Carl Rydlund Intertwines Extensive Music Industry Experience and Classroom Philosophy

Carl leading masterclass
College of Music & Performing Arts

Carl Rydlund Intertwines Extensive Music Industry Experience and Classroom Philosophy

March 7, 2024 | by Haley Charlton

Rydlund Also Serves as Belmont’s First ‘Artist in Residence’ at Ocean Way Studios 

carl-rydlund-headshot.jpegA composer, arranger, orchestrator, conductor and guitarist, Carl Rydlund has become one of the most sought-after studio musicians in the world due to his adaptability and proven expertise. He has worked with industry powerhouses such as Hans Zimmer and Hans Zimm/Remote Control Productions, Disney, Josh Groban, Joann Kane Music, Hildur Guðnadóttir, EA Games, Riot Games, Warner Brothers, Universal and Fox Studios. He has worked on more than 1,500 movies and has been a session guitarist for thousands of records, television shows and films.  

Since 2021, Rydlund has also included professor of practice, music & media at Belmont on his extensive resume. With the goal to prepare the next generation of music professionals, Rydlund is fusing his robust industry experience into the classroom. Though, he stays busy in both worlds, prioritizing classes at Belmont, but continuing to squeeze in sessions with real-world clients in between. 

“My teaching philosophy is to bring to the classroom what I did yesterday or this morning in the studio. I like to give my students the most up-to-date information they can have and show them what’s happening in the professional world right now,” Rydlund said.  

With roots deeply entrenched in music, Rydlund's upbringing was steeped in melody and rhythm. "My dad was a musician, and he owned a music store. I grew up thinking everybody was a musician," he reminisced. That early exposure and passion led him to study at The Grove School of Music in Los Angeles where he became connected with a long list of industry contacts that set him up for his illustrious career of more than 30 years.  

“A lot of people I learned from never asked me to pay them anything, they just told me to teach someone else,” Rydlund explained. “And I took that seriously.” 

carl-rydlund-teaching.jpegDuring one of his visits to Nashville as he was working on video game recordings, he met Pat McMakin at Ocean Way Studios and Belmont Music Professor Dr. Jeff Kirk. They hit it off and became good friends, ultimately leading Rydlund to guest lead a few clinics at Belmont. Thankfully, Rydlund fell in love with Nashville and was able to join the College of Music and Performing Arts faculty shortly after moving to the city with his family. 

He now gets to “pay back” those industry mentors through his own classes in arranging, DAW as musical instrument, studio musicianship, guitar and composition at Belmont.  

Rydlund said students need a healthy balance of book knowledge with real world, “just do it” experiences. He does his best to give students an authentic picture of what to expect once they get into the industry. One way he does this is by leaning heavily on his industry connections to help paint that picture. 

Last fall, for example, Rydlund brought in music copyist Matt Franko to conduct a masterclass with music technology majors and students in Dr. Jeff Kirk’s arranging class. This full-day experience, showcasing the copying process and tips and tricks on creating well copied music and template design, culminated with a demonstration at Ocean Way Nashville Studios. At Ocean Way, Rydlund and Franko brought in session musicians to showcase the importance of well copied music.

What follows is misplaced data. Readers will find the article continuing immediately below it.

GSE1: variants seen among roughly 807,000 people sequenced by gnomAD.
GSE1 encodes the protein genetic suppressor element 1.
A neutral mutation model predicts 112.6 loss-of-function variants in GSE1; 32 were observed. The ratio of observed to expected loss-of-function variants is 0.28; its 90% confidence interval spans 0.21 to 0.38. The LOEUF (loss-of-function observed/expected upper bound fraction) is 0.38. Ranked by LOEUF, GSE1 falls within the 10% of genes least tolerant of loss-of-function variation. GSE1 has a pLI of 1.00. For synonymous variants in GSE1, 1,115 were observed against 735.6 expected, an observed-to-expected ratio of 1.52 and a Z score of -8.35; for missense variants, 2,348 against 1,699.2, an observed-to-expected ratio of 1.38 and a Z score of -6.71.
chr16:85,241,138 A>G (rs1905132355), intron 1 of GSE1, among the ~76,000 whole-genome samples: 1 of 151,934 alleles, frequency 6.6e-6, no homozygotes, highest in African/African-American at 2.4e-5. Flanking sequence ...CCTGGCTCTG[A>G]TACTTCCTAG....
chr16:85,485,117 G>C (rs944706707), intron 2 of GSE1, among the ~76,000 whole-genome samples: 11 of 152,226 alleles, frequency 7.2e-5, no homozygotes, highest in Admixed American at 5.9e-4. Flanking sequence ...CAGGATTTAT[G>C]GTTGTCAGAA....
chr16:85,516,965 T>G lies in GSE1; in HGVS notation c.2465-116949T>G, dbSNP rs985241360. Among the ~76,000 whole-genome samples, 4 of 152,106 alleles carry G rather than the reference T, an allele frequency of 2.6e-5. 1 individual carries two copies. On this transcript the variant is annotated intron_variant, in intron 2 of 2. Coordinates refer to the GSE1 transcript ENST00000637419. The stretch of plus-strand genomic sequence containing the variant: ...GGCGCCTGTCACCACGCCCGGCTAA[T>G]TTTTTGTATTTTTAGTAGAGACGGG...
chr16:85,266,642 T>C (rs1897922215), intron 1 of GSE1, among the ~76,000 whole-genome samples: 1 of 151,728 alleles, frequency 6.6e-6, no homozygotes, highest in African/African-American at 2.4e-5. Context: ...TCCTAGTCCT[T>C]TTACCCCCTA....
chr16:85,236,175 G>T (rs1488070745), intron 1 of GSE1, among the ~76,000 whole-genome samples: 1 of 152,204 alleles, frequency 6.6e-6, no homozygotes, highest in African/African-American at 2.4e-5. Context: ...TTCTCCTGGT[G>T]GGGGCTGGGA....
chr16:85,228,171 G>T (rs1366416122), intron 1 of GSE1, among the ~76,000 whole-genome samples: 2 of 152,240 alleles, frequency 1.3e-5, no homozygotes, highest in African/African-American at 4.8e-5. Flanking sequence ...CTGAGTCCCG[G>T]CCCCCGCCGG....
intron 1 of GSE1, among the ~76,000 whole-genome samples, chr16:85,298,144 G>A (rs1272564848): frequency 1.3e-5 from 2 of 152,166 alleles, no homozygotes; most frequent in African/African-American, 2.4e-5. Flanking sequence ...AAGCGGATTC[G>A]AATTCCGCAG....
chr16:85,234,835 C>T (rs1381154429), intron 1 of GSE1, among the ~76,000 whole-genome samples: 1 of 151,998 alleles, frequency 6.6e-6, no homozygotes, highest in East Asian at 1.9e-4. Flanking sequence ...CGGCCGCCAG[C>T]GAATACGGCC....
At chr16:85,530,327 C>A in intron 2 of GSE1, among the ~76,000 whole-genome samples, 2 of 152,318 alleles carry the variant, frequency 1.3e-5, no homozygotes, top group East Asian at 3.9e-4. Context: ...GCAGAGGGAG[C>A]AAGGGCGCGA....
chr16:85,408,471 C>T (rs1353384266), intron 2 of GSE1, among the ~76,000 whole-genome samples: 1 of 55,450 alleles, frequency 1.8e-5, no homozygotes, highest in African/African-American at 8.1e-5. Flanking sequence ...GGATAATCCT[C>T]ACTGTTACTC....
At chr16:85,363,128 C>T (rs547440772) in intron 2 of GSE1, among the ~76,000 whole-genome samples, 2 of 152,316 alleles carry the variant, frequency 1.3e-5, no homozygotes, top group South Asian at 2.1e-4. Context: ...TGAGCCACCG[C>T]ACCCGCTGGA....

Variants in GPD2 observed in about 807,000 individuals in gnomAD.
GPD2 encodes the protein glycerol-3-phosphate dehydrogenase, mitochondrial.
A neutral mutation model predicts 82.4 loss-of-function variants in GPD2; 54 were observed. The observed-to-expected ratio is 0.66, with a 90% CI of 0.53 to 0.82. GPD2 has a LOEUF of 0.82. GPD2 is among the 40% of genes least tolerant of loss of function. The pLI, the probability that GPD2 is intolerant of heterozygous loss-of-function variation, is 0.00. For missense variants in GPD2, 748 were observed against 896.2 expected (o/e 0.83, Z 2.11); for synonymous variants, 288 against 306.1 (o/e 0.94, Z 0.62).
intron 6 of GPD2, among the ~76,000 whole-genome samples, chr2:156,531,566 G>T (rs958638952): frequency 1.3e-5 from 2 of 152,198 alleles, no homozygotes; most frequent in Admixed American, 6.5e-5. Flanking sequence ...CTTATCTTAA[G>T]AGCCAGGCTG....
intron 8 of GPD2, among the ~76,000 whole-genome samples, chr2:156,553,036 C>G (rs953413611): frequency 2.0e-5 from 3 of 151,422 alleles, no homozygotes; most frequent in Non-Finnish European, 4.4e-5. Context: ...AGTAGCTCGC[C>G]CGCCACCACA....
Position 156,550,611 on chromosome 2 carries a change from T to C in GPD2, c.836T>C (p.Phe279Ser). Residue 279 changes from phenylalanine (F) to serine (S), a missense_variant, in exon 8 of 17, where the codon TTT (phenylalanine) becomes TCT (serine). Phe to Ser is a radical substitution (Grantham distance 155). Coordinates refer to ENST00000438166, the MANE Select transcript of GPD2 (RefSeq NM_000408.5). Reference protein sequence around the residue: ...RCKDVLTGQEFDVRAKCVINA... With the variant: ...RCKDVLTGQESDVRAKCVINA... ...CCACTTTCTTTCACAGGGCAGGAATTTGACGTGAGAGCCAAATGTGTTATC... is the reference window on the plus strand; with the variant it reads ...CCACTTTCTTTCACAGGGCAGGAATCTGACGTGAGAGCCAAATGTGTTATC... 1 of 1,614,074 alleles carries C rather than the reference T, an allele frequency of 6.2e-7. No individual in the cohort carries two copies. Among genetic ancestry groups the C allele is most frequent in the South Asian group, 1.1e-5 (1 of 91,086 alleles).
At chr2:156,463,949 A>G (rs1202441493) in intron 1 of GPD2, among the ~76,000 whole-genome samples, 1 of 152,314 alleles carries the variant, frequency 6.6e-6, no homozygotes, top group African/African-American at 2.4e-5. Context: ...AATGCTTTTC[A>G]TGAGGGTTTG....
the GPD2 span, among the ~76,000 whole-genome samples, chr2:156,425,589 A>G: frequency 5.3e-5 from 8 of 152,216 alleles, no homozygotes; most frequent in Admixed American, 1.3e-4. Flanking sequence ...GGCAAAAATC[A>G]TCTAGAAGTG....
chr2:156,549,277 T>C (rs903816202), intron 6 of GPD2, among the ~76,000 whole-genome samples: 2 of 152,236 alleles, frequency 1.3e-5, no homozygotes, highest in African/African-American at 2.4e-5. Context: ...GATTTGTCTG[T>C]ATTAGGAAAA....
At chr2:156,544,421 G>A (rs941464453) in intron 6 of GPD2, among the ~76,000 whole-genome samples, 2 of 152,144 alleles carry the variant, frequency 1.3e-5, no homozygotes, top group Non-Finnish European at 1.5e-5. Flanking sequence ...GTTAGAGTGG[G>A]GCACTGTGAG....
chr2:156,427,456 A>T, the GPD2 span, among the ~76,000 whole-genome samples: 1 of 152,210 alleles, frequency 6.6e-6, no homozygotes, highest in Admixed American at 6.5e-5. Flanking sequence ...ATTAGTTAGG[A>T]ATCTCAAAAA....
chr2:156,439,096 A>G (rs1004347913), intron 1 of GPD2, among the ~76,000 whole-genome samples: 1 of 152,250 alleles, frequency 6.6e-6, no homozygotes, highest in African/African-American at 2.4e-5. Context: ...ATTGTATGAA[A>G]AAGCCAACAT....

carl-rydlund-oceanway.jpegThis masterclass was the start of a new partnership with Ocean Way as Rydlund was recently announced as the first “Artist in Residence” at the studio. In this role, Rydlund will continue to develop masterclasses, guest lectures and immersive experiences that give students a dynamic learning environment that mirrors the realities of the music industry. 

However, Rydlund also said he typically learns more than his students do when he teaches.  

“They ask questions and give feedback in ways I don’t expect, and I think that’s indicative of the Belmont student in and of itself,” Rydlund commented. “They are inquisitive and want to know what’s really happening. This generation has such good baloney detectors – they want to know what’s real. So, I try to balance showing them what they can really expect while giving them the support to feel like they are capable of navigating it.”  

Rydlund says his favorite parts of working in the music industry are the lifelong relationships he’s developed. Though, if he had to pick a favorite “gig,” it would be the short stint at Radio City Music Hall with Josh Groban last year. “It was so musically fulfilling because he’s such a great artist,” Rydlund said. “Growing up, I was always a huge fan of the guys that arranged for the crooners, and I got to do that with Josh Groban. It was a dream come true to fulfil a lifelong passion of mine to arrange for a singer.” 

When sharing these stories and real-world perspectives with his students, Rydlund leans on borrowed advice from his dear friend and remix DJ Chris Cox. “The greatest thing Chris said is that this business is like a flowing river. You just have to jump in and go for it, and then see what happens.”  

He likens it to advice from comedian Steve Harvey, who says that we all find ourselves on the edge of a cliff sometimes, and our choice is to stay there or jump off. If you stay, nothing will change. If you jump, it may be a bumpy ride down, but your parachute will open eventually.  

Rydlund concluded, “That’s what students need to hear. In all this, as you jump in the stream or jump off the cliff, your parachute will open. Just go do it. Here’s my blessing. And that means a lot to them.”